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A Brit Queer: Why are people concerned about LGBTQ+ rights in the wake of the UK election?

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Hello and welcome to A Brit Queer, where a queer woman from Britain splits her time between discussing fun stuff like TV shows and events and serious stuff like the political and social issues facing the LGBTQ+ community in Britain.

Some columns will focus on the lighter side of being gay in the UK, like praising medical drama Holby City for tackling two separate storylines dedicated to same-sex couples at the same time because that level of representation was not something I expected.

However, this is not one of those times.

Today, we’re going to talk about the recent UK elections and what that means for the LGBTQ+ community. I know, I know, I’m a little late to the party, but give me a break, Travel Pride only just launched.

So you’ve probably seen some very confusing coverage of our June election (especially if you live outside of the UK) and I’ll try to break it down as quick as possible.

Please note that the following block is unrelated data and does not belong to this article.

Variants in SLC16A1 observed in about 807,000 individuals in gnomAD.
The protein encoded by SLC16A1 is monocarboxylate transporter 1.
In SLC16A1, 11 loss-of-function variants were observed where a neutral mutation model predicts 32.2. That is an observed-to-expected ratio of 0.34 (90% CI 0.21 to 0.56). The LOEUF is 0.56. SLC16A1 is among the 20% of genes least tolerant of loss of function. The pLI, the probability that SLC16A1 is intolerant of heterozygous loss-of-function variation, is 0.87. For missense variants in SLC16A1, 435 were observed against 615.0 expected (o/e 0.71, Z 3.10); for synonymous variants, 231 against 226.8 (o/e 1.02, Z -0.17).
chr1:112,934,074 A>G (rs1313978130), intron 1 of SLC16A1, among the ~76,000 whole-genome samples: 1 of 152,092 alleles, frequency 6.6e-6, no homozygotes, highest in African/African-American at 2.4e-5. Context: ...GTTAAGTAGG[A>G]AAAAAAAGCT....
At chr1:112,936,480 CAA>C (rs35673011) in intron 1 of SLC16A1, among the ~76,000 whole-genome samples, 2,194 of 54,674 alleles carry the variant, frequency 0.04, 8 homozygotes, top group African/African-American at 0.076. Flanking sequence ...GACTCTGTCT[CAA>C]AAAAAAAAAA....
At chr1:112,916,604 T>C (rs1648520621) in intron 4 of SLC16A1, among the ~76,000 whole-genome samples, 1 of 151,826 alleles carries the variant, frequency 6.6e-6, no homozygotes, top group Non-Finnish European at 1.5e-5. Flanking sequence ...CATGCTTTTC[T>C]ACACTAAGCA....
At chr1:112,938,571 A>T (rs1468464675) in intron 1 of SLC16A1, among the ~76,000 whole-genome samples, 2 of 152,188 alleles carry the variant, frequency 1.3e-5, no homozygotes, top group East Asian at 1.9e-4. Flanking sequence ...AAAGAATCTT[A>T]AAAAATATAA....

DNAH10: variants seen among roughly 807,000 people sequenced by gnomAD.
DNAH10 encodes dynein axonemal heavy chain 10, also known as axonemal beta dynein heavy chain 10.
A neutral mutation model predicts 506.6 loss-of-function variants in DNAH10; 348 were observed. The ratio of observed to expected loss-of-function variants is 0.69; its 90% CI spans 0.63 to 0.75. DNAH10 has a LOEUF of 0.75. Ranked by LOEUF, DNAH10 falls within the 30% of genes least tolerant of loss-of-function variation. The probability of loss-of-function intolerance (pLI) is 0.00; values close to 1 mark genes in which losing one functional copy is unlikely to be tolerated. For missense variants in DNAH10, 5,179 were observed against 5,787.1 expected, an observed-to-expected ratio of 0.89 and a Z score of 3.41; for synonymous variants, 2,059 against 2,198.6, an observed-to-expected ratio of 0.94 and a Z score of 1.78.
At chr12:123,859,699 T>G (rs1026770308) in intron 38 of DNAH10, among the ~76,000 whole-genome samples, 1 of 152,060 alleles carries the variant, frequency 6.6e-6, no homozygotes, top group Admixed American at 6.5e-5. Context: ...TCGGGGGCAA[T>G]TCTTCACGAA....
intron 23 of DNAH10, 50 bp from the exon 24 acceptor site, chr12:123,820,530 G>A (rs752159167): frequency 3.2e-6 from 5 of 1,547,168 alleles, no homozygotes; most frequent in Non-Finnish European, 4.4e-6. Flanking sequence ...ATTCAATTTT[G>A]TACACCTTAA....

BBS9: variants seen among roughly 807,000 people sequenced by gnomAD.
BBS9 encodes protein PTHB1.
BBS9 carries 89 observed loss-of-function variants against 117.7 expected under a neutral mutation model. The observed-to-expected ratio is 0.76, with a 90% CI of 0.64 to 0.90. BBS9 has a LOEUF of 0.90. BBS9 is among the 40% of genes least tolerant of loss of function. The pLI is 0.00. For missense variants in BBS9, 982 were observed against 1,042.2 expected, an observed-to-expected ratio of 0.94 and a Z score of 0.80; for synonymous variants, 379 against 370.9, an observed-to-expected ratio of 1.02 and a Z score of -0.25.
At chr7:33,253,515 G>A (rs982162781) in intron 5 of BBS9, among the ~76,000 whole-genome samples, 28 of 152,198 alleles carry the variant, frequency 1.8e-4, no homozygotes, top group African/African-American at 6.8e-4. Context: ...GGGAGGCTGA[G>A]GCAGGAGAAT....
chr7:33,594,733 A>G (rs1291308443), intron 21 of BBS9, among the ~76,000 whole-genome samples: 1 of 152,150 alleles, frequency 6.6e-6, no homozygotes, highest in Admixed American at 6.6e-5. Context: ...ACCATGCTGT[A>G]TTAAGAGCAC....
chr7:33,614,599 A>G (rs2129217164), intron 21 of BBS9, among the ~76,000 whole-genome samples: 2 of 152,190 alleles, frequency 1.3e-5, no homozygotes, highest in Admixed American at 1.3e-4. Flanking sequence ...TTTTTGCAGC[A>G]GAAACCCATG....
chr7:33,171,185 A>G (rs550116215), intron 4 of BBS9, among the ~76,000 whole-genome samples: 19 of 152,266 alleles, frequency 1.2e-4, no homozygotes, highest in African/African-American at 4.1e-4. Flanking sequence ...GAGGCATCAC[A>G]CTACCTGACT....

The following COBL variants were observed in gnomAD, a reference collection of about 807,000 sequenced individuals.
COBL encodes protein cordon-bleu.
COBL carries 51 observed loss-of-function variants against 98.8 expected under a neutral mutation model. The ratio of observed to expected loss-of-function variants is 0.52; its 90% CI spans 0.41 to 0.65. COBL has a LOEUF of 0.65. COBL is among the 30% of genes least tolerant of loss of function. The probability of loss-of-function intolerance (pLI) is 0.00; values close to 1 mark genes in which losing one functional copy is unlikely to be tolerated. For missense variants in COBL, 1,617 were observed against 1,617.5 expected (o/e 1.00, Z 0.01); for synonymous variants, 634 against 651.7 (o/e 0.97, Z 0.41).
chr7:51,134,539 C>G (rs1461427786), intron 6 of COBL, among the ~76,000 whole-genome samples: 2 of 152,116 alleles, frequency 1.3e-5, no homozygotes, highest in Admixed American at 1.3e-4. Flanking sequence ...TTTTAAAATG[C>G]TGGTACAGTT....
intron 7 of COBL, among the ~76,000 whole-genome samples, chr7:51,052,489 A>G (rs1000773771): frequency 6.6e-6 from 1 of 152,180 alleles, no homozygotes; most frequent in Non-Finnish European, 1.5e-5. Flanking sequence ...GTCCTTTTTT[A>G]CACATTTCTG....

Wtf happened in the UK election?

House of Commons Chamber- UK Parliament via Wikipedia

First, no single party achieved the 326-seat majority needed to form a government, which resulted in a hung parliament (no, not like that).  You need to get 326 seats in the House of Commons (our elected legislative chamber) because that is exactly half the total seats plus one.

The Conservative Party did, however, get the most number of seats in the election (318) and therefore they get to form a government. They can either rule as a minority government and risk the all the other parties banding together to vote their bills down or seek an alliance with another political party.

Trouble is, our last coalition government was not particularly favourable (I mean, it’s referred to as the ConDem coalition) and the Liberal Democrats, who partnered with the Conservatives, have not really recovered.  In 2015, the first election after the coalition, the Lib Dems plummeted from over 50 seats in the HOC to just eight.